U.S. Water News Online
LAKE MEAD NATIONAL RECREATION AREA, Nev. -- Something fishy
here has been confounding scientists for years. Male fish are
developing female sexual characteristics in Lake Mead and other
freshwater sources around the country.
The U.S. Geological Survey recently released a four-page summary
of more than a decade of studies linking wastewater chemicals to
those changes. But a scientist who has studied the issue for years
complains the report understated the danger of toxins at Lake Mead
Tim Gross first aired his concerns seven months ago -- shortly
after he was fired by the Geological Survey. The federal agency says
Gross was fired for failing to publish his data. Gross says the
federal agency wouldn't let him publish.
Both sides, however, agree on one point. In Lake Mead and other
freshwater sites, scientists have found traces of pharmaceuticals,
pesticides, chemicals used in plastic manufacturing, artificial
fragrances and other substances linked to changes in fish and
The USGS report noted that the primary source for chemicals in
Lake Mead was the Las Vegas Wash, a man-made river made up almost
entirely of treated wastewater from cities in the Las Vegas Valley.
Lake Mead is the source of 90 percent of Las Vegas' drinking
water, and provides water for millions more people in California. It
irrigates many of the winter vegetables produced in the United
States. The lake and contamination have been the subject of intense
scrutiny from federal and local scientists.
Gross, a researcher and teacher at the University of Florida, was
the lead federal researcher on emerging contaminants at the lake
until he was fired earlier this year by the USGS.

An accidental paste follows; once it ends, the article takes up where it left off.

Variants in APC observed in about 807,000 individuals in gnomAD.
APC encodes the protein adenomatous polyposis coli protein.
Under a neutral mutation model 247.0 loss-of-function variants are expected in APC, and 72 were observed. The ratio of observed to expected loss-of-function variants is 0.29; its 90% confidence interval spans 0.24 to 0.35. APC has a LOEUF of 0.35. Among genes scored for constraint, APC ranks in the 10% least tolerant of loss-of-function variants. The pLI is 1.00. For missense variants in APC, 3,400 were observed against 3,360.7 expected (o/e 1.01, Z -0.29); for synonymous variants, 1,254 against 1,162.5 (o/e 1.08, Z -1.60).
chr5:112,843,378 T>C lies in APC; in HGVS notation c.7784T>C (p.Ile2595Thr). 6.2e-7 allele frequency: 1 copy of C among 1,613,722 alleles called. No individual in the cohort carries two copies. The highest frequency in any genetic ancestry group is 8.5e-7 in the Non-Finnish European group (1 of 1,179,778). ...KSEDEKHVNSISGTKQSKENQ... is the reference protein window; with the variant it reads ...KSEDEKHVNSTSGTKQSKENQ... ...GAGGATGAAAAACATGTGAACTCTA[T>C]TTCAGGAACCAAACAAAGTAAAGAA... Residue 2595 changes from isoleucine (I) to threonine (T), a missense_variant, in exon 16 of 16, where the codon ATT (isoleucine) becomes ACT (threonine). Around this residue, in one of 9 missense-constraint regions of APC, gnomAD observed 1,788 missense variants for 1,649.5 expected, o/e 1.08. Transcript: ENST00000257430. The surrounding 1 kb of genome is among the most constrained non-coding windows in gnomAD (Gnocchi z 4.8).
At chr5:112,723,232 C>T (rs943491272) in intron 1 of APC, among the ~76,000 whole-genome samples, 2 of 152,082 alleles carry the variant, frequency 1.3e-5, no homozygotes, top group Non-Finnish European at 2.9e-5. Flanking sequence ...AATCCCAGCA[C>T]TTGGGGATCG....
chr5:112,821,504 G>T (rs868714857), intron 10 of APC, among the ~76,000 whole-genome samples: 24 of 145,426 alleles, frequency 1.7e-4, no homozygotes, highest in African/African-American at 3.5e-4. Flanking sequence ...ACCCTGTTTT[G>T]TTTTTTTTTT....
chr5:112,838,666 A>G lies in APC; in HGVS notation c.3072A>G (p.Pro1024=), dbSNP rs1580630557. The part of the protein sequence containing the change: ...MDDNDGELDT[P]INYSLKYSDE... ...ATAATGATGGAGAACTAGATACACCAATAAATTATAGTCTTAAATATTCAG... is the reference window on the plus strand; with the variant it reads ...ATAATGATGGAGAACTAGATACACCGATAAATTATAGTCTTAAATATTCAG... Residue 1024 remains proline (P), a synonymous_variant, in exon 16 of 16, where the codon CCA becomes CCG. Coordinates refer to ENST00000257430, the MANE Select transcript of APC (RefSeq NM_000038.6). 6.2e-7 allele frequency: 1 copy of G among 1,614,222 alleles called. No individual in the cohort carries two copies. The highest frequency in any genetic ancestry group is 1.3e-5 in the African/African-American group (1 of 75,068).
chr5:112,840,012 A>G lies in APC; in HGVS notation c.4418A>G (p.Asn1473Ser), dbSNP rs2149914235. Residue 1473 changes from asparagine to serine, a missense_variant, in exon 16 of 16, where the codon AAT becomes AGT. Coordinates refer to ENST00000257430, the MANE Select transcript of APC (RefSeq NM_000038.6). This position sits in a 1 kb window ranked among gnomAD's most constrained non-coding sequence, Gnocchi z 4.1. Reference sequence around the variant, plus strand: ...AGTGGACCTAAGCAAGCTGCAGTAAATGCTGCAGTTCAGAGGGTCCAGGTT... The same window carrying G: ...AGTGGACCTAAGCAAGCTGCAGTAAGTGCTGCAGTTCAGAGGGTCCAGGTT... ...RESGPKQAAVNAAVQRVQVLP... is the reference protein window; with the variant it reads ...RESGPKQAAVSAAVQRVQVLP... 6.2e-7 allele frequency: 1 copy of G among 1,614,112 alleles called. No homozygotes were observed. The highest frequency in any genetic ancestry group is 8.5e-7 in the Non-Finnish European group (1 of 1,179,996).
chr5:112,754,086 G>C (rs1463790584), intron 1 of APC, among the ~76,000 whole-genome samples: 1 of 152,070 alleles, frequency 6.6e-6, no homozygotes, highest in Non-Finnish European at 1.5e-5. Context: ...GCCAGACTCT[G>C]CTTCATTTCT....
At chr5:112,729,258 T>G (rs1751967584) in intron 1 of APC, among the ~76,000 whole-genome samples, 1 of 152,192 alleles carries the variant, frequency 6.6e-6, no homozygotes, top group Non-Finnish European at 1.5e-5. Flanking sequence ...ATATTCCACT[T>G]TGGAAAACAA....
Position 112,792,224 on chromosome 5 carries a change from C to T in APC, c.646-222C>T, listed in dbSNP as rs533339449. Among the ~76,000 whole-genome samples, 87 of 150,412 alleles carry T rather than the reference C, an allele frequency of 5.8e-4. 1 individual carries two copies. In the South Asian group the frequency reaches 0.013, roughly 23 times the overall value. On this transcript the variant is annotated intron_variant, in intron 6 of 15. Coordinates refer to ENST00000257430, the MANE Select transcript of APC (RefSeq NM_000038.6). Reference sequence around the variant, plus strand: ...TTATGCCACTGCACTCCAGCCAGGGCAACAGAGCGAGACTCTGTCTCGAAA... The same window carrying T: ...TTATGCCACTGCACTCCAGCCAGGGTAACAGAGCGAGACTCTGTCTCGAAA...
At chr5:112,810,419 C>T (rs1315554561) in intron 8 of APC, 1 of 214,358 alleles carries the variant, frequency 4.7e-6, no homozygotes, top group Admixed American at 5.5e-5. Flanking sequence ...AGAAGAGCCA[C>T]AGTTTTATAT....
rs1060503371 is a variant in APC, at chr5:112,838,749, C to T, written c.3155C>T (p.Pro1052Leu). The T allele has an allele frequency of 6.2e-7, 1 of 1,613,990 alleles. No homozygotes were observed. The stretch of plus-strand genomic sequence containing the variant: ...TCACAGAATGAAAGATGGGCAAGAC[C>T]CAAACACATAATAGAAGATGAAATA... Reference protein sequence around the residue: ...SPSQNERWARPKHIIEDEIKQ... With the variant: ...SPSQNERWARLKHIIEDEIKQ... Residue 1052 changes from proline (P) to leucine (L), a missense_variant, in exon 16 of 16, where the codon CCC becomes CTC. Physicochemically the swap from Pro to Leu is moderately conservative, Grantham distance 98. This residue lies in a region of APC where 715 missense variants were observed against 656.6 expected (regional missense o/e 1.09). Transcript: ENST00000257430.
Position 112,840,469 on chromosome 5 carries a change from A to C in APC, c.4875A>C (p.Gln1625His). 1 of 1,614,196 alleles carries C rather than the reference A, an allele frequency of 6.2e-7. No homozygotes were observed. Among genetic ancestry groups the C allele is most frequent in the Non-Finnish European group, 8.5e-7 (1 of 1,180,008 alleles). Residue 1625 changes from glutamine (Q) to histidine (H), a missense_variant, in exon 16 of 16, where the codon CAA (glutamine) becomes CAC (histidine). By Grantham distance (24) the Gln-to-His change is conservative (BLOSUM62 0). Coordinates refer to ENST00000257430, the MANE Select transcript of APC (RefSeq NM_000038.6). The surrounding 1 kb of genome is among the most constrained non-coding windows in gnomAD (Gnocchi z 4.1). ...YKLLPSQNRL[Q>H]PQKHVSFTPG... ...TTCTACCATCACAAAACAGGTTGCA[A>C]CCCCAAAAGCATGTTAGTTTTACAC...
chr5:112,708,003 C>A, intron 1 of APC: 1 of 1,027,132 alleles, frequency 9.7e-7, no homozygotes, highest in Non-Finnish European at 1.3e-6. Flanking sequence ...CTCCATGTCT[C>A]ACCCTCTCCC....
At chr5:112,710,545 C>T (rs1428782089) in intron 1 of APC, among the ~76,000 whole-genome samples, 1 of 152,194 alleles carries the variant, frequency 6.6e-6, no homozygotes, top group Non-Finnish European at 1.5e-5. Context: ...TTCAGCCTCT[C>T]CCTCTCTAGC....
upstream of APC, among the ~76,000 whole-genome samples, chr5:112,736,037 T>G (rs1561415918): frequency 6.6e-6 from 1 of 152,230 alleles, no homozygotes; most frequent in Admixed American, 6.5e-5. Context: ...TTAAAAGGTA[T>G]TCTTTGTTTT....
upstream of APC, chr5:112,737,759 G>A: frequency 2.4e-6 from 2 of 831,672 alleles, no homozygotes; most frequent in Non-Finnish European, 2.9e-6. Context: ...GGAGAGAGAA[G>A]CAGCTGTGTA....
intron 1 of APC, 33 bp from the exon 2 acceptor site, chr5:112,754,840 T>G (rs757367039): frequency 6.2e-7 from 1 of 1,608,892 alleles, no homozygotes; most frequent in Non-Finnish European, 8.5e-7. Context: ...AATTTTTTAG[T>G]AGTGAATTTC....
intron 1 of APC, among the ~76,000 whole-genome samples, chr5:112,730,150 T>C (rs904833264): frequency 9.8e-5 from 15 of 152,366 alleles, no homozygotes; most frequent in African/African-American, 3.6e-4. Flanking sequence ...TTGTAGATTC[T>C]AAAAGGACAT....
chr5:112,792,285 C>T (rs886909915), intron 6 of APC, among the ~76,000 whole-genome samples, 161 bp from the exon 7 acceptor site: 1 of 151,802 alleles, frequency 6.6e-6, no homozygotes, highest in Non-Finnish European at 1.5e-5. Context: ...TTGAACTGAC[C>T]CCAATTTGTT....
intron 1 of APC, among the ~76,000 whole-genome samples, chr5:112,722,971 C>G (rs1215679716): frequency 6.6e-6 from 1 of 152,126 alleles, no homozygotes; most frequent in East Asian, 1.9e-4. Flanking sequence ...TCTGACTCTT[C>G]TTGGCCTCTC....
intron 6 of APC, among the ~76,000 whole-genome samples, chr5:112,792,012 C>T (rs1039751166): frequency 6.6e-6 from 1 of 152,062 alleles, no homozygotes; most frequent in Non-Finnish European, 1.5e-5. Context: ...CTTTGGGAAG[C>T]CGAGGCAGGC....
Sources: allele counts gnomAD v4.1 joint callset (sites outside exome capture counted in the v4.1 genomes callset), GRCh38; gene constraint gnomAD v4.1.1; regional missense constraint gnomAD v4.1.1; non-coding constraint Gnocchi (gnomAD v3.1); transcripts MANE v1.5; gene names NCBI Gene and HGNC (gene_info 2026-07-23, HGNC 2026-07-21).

Gross said he was fired because the government didn't like his
conclusions that hormone-disrupting chemicals are prevalent and are
affecting the environment in Lake Mead to a greater degree than once
The agency's Oct. 19 report, which suggests more research is
needed, was the product of a new team hired after Gross was
dismissed. It included a summary of research by a number of
scientists, but did not include Gross' findings.
"They (federal officials) refuse to let me be involved in the
research. They still haven't published the data. They don't want us
to publish," Gross said.
Kimball Goddard, state director of the Nevada-USGS water science
center, rejected allegations that data were suppressed.
He said research data from Gross were not included in the Oct. 19
report because Gross' results were not published.
Gross said the problem is acute in Lake Mead and in other
freshwater sites. One element left out of the report was evidence of
sperm failure in fish, he said.
"On a national scale we see alterations in fish," said the
scientist, who continues to research hormone-disrupting chemicals in
Florida and other states. He said hormone disruption "is widespread
across the United States and is widespread in Lake Mead."
Gross said his conclusions, shared by other researchers, were not
"The (Southern Nevada) Water Authority doesn't want to hear it. My